Global critical infrastructure faces relentless cyber activity – Help Net Security

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In the last year, the world’s critical infrastructure – the medical, power, communications, waste, manufacturing, and transportation equipment that connects people and machines – has been under near-constant attack, according to Forescout.

Despite the formidable challenges posed by the ongoing surge in cyber activity, there is an optimistic path forward. Elisa Costante, VP of Research at Forescout Research – Vedere Labs, highlights the potential for positive change, stating, “While it’s true that current efforts have fallen short in fully harnessing crucial technology to fortify critical assets and assess risks, there is an opportunity for improvement.”

Exploits against software libraries are witnessing a decline due to the waning popularity of Log4j exploits. This lull has given rise to a surge in exploits targeting network infrastructure and Internet of Things (IoT) devices.

Among the IoT landscape, the spotlight falls on IP cameras, building automation systems, and network-attached storage, emerging as the most sought-after targets for malicious actors.

Persistent attacks on OT

Only 35% of exploited vulnerabilities made an appearance in the Cybersecurity and Infrastructure Security Agency’s (CISA) Known Exploited Vulnerabilities (KEV) list. This divergence emphasizes the need for a proactive and comprehensive approach to cybersecurity, transcending reliance on known vulnerability databases.

Operational Technology (OT) finds itself under relentless assault, with five key protocols bearing the brunt of persistent attacks. The primary targets include protocols used in industrial automation and power sectors, such as Modbus, subject to a staggering one-third of all attacks, closely followed by Ethernet/IP, Step7, and DNP3, each accounting for approximately 18% of the onslaught. IEC10X rounds out this list with 10% of attacks, leaving the remaining 2% distributed among various protocols, with BACnet emerging as the majority.

Building automation protocols, such as BACnet, experience less frequent scans. However, the relative scarcity of scans belies an alarming trend—targeted exploits against vulnerabilities in building automation devices are more prevalent.

Persistence tactics mark a 50% surge from 3% in 2022, along with discovery (roughly 25%) and execution (the other roughly 25%). While most observed commands used by threat actors remain targeted at generic Linux systems, a notable trend involves specific commands executed for network operating systems found on widely used routers.

Malware families persist as formidable threats. The Agent Tesla Remote Access Trojan (RAT) commands a significant 16% share of observed malicious activity. Following closely are variants of the Mirai botnet, comprising 15%, and the Redline info stealer, holding its ground at 10%.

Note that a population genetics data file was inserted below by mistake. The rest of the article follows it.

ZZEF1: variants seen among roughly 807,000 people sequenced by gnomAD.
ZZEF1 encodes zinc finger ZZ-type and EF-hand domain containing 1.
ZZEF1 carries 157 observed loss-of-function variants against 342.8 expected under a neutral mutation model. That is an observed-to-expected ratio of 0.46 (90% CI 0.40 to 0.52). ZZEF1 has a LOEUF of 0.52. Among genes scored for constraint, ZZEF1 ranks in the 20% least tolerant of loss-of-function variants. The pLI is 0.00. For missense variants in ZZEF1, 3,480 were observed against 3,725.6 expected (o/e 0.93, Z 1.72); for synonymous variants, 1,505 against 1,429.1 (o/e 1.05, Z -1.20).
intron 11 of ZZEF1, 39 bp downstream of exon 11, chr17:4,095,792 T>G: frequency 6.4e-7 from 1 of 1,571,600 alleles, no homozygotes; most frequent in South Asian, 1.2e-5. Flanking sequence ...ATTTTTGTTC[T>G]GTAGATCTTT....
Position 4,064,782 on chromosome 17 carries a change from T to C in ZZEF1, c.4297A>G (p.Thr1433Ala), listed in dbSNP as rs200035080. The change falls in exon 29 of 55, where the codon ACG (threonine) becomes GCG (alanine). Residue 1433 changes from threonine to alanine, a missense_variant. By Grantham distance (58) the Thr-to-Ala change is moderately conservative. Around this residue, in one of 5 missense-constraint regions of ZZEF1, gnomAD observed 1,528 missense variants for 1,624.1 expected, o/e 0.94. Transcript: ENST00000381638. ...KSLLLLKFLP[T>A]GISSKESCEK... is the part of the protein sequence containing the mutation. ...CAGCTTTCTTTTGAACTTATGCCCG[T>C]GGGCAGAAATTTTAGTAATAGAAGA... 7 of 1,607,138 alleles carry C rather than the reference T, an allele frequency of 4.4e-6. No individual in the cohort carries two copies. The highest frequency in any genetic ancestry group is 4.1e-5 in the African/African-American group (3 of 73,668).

Half of all threat groups linked to China, Russia, and Iran

Among command-and-control servers, Cobalt Strike emerges as the undisputed leader, commanding a substantial 46% share, trailed by Metasploit at 16%, and the emerging Sliver C2 at 13%. Most of these servers are in the United States, constituting 40% of the global landscape, with China and Russia following at 10% and 8%, respectively.

Threat actors have cast a digital net far and wide, impacting 163 countries. The United States stands as the primary target, bearing the brunt with 168 malicious actors setting their sights on the nation. Other countries include the United Kingdom (88), Germany (77), India (72), and Japan (66).

The usual suspects boast high concentrations of threat actors: China (155), Russia (88), and Iran (45), collectively representing nearly half of all identified threat groups. The crosshairs of these malicious entities are predominantly fixed on three key sectors: government, financial services, and media and entertainment. As the primary pillars of societal infrastructure, these industries are at the forefront of cyber warfare, emphasizing the need for heightened security measures and collaborative efforts.

Costante continues, “The key lies in achieving comprehensive visibility, ensuring real-time contextual awareness of every device, whether managed or unmanaged. By doing so, large enterprises can transition from a reactive defense posture to a more proactive approach, steering clear of the futile game of security whack-a-mole. This shift towards enhanced visibility and proactive defense strategies signals a brighter outlook for critical infrastructure.”

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